And, get this, Congress gets a say, in what 90% actually means.

DC Response to SOTU

After all is said, done, and drunk…a couple of post-SOTU thoughts.

I’ve mentioned before the amount of political capital the President seems to want to spend on a couple of issues that go beyond the usual talk of jobs, economy, deficits, education, health care, wars, etc. Obviously, I speak of comprehensive immigration reform and gun control.

It was difficult not to notice that he gave only 212 words to immigration and 626 words to gun control. And while he gave an impassioned plea to control the guns based on the various victims, he spoke not one word of the realities faced by families split apart by his record deportation policies. Instead, he boasted of the “progress” made by the administration on the “southern border and the ever-popular “learn English” and “back of the line” phrases that have become quite tiresome tired. And quite frustrating, too.

The rest of the speech had great ideas on job creation and how to responsibly decrease the deficits. With the vast majority of his proposals I agree–even some of the gun control stuff if it didn’t appear to be a bigger priority than immigration reform.

And although the drink of water seen around the world provided comic relief, nothing was more disturbing than Marco Rubio’s response.

Without apology, I will say his family’s “immigration” experience is much different than the vast majority of others’ experiences, particularly what the sons and daughters of immigrants experience today. And while he has enjoyed various government benefits, he seems to want to cut off everyone else, as if he has some air of superiority.

He seems to conveniently forget that the reason we spend more on federal financial aid is because we have more students enrolling in college than when he and I were in school, especially Latinos. Although he mentioned higher tuition, he didn’t offer an idea about how to make college affordable–no, he stated we don’t need to spend more on federal financial aid. In other words, he offered nothing in regards to expanding opportunities, especially for kids who come from working class parents, as was his and my experience, apparently. Simply put, he is out of touch, embracing a right-wing political ideology after enjoying benefits abhorred by that ideology. He is the poster-child of hypocrisy.

Ultimately, both sides need to work together to enact policies that even President Obama states we will not get 100% of what we really want. I’ve accepted that much, but for those of us who think beyond the political (or nonprofit) paycheck that others strive for in this game, it has become a lot more difficult to stomach the politics, the policies, and the rhetoric.

Obviously, it was difficult for those protesting the Senate hearing today.

Homeland Security Secretary Janet Napolitano was interrupted at today’s Senate Immigration Hearing as she boasted that U.S. borders have “never been stronger.” The protesters who interrupted the hearing on multiple occasions demanded that the administration cut deportations and focus on the human rights of undocumented immigrants.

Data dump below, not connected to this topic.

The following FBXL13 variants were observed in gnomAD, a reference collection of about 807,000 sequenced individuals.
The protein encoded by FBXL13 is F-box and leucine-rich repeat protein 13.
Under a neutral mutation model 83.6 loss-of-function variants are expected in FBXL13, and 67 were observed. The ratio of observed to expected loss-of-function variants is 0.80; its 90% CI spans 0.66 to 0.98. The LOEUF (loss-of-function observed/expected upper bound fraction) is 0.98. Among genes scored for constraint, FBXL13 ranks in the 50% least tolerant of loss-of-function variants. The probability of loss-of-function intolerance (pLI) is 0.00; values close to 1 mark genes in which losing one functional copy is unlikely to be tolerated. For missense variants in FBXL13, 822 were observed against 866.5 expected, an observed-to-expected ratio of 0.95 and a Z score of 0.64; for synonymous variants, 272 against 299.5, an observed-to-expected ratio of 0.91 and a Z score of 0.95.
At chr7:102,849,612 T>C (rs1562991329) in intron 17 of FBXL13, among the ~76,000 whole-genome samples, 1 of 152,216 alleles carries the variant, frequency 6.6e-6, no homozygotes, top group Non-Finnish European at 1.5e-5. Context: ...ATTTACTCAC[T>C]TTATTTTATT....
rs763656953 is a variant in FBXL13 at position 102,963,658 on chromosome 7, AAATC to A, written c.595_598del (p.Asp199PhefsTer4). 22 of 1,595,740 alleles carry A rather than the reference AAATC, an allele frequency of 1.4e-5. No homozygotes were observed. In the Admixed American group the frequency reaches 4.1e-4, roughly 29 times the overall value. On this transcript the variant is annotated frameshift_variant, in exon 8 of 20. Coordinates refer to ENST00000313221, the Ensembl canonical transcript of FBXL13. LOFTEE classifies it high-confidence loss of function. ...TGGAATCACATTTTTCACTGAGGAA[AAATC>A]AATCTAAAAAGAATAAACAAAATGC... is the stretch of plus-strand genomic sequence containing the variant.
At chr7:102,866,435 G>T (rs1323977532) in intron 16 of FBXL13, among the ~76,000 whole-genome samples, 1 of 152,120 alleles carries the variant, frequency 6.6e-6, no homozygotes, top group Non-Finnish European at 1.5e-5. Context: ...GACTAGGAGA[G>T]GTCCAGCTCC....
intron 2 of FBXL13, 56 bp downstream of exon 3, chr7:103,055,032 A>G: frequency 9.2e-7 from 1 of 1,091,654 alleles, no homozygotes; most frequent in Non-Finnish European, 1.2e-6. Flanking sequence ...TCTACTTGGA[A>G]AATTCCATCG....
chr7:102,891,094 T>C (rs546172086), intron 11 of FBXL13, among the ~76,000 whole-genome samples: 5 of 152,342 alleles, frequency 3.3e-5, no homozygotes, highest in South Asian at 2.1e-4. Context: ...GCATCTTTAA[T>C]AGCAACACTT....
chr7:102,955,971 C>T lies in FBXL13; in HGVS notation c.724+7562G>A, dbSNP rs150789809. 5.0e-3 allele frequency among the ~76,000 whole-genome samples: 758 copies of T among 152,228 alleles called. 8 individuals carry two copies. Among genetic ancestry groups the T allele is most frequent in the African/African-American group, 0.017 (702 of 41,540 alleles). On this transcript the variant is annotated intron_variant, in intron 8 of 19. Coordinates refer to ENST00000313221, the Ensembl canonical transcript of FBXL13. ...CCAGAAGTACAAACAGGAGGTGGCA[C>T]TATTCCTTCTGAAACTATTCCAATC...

I rest my case.

 

Rubio Will Deliver Response to the 29%

The media is making a lot of pedo about Marco Rubio delivering the right-wing response to President Obama’s State of the Union. Oh, but the media goes crazy over Rubio’s Español response.

If all he intends to do is read a direct translation of the English version, then, all he’s doing is talking to the 29% of Latinos who voted for the Republicans in 2012. And chances are that is exactly what will happen given his lack of support for a path to citizenship without the enforcement trigger.

No, instead of a legislative speech, chances are that in  his Español speech he will deliver the same old right-wing talking points, “Latinos are just like the Republicans” and “Latinos are conservative.”

Yeah, tell that to the 71% who voted for President Obama. When it comes to most, if not all, issues (education, jobs/economy, health care, immigration), Latinos side with Democrats. On the hottest–abortion and marriage equality–Latinos are on the progressive side of 50/50, and that’s getting better, too.

Frankly, he has another option of telling some truths about Republicans and their racist vitriol on immigration in Spanish. Or how Republicans want to put our abuelitos and abuelitas on the street by threatening Social Security and Medicare and other benefits they have invested in as taxpayers. But does he have the cojones? Of course, without supporting policies that Latinos support, Rubio is left serving as what we all know he is for the Republicans–window dressing, lipstick on an elephant, etc.

No, Latinos will not be fooled.

Not that President Obama is doing a great job of keeping us happy. It seems he is putting more political capital into the gun debate than into CIR, and he is continuing his deportation scheme, thus, separating families and wasting local law enforcement resources. Still, Rubio and his ilk will only say something like, “Obama didn’t do anything in his first term.” And Rubio will conveniently leave out that 100% of Republicans voted against the DREAM Act in 2010.

Ultimately, Latinos will side with the ones that are barely hanging on and giving the image that they are doing something, and in this case, it is not Marco Rubio and the GOP. It won’t matter what Rubio says.

I’m looking forward to the talking heads this weekend to see how they over-analyze Marco Rubio and the Latino Republican effort. I bet they leave out facts and issues and instead promote the window dressing that votes against Latino interests.